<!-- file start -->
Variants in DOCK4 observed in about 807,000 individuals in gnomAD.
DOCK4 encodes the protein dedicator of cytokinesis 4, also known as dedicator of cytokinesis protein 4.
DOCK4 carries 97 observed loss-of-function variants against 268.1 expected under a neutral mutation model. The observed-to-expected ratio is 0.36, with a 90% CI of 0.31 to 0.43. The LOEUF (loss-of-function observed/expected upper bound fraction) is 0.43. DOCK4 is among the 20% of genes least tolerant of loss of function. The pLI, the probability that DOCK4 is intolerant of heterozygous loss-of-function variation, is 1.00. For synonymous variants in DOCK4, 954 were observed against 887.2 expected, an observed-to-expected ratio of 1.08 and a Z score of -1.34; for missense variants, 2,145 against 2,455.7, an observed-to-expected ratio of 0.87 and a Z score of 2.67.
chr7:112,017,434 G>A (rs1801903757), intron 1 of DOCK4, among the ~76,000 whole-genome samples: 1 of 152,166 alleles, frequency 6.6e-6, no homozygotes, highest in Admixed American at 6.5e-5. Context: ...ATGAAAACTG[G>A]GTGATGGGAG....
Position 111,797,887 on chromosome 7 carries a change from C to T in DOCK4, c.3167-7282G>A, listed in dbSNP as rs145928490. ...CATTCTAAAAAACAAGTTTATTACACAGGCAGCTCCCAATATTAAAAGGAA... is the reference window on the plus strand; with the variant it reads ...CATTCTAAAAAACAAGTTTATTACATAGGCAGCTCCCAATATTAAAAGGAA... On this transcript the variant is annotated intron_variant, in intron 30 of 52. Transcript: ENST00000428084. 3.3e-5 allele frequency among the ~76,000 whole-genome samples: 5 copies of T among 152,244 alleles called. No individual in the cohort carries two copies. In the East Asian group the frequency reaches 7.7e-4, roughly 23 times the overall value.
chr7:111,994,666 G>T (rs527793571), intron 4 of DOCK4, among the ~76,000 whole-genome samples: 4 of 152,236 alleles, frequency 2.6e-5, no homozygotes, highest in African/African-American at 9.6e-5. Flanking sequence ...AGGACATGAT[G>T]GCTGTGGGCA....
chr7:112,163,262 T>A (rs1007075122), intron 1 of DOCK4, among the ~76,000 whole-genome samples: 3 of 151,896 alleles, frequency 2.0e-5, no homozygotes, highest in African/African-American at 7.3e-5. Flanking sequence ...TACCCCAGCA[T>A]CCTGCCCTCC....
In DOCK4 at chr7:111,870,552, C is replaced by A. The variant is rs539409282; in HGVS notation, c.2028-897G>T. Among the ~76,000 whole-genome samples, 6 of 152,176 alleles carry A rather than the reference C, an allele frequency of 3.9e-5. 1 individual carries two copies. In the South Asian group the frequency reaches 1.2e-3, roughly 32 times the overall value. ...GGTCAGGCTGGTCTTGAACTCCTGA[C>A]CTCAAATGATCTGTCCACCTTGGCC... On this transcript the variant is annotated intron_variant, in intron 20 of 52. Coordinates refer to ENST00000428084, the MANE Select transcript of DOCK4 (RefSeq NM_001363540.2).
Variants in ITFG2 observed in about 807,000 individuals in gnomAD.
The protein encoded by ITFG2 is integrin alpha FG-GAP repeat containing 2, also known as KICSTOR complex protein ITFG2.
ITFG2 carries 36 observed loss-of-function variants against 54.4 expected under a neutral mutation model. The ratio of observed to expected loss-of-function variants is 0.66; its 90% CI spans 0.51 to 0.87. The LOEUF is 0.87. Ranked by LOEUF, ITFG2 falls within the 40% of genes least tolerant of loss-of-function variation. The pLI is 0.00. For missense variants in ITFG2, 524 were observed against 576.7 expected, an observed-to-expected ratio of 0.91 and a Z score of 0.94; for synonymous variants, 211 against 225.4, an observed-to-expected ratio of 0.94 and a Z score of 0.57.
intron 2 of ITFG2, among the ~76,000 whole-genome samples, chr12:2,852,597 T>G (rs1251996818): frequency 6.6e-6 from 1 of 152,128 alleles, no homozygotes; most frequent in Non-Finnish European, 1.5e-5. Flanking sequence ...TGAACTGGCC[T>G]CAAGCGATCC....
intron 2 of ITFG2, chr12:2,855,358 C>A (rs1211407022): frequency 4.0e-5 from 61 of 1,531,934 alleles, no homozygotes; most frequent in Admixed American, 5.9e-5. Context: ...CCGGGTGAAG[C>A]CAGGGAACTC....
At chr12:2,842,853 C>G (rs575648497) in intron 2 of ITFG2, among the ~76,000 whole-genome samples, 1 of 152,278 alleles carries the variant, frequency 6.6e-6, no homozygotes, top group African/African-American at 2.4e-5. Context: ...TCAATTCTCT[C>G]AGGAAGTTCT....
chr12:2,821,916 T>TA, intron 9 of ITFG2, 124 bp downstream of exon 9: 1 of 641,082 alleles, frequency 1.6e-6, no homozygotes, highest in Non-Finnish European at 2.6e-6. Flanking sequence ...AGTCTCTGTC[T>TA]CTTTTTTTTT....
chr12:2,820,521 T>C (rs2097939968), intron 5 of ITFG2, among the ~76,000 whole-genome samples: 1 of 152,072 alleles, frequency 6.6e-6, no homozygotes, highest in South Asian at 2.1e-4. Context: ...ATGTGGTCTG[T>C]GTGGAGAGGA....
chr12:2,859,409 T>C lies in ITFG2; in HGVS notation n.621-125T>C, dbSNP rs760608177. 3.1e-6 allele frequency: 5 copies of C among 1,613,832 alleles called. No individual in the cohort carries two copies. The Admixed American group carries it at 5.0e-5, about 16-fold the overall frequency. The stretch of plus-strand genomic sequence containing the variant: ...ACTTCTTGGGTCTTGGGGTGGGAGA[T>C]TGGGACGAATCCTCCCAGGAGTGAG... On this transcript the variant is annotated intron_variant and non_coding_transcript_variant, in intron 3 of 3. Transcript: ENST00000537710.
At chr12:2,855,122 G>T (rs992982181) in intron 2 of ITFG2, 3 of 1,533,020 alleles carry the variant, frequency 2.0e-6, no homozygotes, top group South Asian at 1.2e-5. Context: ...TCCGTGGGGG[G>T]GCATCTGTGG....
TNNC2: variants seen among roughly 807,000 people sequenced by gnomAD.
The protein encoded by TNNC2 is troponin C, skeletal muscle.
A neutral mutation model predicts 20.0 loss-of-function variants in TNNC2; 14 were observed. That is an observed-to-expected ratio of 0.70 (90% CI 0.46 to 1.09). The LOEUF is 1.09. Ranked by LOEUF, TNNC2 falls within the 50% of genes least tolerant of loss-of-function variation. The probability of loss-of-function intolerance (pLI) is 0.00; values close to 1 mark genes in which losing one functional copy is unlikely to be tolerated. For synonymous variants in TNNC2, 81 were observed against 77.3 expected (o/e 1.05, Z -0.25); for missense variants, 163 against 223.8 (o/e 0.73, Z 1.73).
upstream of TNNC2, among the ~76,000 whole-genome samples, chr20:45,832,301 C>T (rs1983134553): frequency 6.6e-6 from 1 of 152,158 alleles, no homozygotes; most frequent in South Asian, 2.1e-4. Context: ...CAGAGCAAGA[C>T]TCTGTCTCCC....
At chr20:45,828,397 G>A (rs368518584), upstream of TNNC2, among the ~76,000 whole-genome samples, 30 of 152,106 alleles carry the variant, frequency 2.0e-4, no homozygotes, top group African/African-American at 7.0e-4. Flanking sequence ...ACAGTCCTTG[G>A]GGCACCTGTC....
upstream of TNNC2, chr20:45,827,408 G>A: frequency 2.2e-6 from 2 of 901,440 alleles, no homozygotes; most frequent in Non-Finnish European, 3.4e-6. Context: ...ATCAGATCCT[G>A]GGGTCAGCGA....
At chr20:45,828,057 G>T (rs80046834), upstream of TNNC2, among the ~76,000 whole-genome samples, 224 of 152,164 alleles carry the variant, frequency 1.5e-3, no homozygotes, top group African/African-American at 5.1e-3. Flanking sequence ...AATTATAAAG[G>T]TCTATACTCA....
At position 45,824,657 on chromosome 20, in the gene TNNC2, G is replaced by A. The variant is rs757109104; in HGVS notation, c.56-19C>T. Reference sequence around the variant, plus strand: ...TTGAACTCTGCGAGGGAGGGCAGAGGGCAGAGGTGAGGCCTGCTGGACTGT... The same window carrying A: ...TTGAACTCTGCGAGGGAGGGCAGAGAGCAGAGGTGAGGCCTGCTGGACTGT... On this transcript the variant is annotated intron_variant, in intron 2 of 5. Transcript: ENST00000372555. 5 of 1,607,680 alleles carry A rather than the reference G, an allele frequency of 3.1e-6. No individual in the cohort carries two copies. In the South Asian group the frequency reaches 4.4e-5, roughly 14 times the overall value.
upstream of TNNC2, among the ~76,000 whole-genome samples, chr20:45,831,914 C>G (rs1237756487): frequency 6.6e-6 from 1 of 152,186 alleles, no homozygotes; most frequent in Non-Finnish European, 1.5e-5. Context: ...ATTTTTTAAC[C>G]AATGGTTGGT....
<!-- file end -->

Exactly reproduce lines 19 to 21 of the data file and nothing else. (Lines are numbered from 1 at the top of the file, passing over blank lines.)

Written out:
TNNC2: variants seen among roughly 807,000 people sequenced by gnomAD.
The protein encoded by TNNC2 is troponin C, skeletal muscle.
A neutral mutation model predicts 20.0 loss-of-function variants in TNNC2; 14 were observed. That is an observed-to-expected ratio of 0.70 (90% CI 0.46 to 1.09). The LOEUF is 1.09. Ranked by LOEUF, TNNC2 falls within the 50% of genes least tolerant of loss-of-function variation. The probability of loss-of-function intolerance (pLI) is 0.00; values close to 1 mark genes in which losing one functional copy is unlikely to be tolerated. For synonymous variants in TNNC2, 81 were observed against 77.3 expected (o/e 1.05, Z -0.25); for missense variants, 163 against 223.8 (o/e 0.73, Z 1.73).